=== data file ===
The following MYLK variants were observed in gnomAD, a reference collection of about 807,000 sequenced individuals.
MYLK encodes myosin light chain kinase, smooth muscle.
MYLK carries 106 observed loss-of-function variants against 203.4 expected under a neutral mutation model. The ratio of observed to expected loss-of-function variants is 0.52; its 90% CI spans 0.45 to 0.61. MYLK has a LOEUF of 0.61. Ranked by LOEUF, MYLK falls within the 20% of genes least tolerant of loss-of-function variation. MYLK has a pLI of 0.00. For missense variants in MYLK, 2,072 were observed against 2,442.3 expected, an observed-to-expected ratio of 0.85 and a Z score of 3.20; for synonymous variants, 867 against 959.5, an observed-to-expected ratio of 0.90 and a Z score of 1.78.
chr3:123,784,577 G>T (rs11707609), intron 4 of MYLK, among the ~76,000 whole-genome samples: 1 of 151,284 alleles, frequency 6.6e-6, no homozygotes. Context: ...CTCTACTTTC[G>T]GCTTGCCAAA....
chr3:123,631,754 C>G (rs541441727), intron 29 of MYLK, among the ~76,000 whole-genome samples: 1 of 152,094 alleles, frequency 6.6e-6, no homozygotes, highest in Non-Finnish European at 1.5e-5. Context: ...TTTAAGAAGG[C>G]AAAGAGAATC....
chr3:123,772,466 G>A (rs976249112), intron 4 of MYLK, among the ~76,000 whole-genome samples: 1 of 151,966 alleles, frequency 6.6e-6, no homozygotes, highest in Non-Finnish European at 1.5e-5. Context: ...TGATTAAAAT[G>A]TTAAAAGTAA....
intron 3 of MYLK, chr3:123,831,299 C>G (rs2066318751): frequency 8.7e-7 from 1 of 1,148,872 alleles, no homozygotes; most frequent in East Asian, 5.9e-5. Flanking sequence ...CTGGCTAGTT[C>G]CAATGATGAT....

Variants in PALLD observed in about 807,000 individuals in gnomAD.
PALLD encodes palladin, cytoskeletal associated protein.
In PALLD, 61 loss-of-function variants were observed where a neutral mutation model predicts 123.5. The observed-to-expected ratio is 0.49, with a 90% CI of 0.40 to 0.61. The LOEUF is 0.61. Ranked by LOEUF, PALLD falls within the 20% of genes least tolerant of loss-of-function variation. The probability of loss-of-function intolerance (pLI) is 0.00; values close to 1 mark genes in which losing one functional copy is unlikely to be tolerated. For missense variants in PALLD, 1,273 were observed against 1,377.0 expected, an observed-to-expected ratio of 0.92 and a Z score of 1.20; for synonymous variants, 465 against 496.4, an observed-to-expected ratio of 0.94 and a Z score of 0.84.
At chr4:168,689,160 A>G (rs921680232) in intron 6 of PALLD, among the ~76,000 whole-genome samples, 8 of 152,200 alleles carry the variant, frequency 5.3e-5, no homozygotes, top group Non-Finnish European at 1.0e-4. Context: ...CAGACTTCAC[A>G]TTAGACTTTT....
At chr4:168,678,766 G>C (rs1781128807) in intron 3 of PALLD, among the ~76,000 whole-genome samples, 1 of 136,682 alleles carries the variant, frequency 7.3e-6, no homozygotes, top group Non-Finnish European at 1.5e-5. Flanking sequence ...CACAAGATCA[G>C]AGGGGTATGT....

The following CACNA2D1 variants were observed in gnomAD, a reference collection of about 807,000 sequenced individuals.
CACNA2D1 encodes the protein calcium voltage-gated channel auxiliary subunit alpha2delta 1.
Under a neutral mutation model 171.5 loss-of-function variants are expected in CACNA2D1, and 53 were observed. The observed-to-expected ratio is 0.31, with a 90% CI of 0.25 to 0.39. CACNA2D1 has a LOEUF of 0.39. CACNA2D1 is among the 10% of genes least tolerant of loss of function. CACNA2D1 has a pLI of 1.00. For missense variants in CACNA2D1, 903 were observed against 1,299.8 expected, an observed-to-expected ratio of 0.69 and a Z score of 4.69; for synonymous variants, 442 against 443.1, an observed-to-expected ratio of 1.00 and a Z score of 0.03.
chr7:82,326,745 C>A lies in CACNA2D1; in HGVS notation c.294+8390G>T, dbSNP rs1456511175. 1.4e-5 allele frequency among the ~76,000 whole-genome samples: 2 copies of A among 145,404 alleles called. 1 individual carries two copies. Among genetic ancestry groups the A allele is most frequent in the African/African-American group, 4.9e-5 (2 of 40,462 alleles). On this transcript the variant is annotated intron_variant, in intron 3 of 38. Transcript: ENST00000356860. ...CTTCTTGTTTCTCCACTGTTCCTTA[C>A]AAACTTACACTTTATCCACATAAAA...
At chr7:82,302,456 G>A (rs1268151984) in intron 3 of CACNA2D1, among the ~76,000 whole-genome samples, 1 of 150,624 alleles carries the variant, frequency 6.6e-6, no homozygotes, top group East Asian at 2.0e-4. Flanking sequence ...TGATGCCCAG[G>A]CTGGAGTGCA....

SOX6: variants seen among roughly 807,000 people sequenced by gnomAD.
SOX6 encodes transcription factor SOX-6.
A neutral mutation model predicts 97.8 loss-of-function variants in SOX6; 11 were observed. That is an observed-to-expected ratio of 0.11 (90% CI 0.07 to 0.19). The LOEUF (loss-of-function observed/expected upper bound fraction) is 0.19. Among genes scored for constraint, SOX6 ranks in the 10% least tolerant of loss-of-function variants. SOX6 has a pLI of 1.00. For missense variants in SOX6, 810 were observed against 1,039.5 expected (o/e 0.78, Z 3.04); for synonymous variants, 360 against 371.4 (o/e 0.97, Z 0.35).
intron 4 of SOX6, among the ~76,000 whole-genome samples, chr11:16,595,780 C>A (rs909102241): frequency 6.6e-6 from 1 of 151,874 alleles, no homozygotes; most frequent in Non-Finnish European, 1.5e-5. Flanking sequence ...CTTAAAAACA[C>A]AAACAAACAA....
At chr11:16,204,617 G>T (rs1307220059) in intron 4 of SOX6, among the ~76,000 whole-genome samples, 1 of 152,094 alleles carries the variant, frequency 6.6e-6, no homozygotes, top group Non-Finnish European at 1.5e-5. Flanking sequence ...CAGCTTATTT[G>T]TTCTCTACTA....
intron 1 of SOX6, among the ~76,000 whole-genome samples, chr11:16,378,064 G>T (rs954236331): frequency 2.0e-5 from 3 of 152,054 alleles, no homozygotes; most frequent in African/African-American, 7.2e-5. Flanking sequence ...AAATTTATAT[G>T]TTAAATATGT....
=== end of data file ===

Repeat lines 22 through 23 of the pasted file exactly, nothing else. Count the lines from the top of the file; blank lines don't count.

At chr11:16,204,617 G>T (rs1307220059) in intron 4 of SOX6, among the ~76,000 whole-genome samples, 1 of 152,094 alleles carries the variant, frequency 6.6e-6, no homozygotes, top group Non-Finnish European at 1.5e-5. Flanking sequence ...CAGCTTATTT[G>T]TTCTCTACTA....
intron 1 of SOX6, among the ~76,000 whole-genome samples, chr11:16,378,064 G>T (rs954236331): frequency 2.0e-5 from 3 of 152,054 alleles, no homozygotes; most frequent in African/African-American, 7.2e-5. Flanking sequence ...AAATTTATAT[G>T]TTAAATATGT....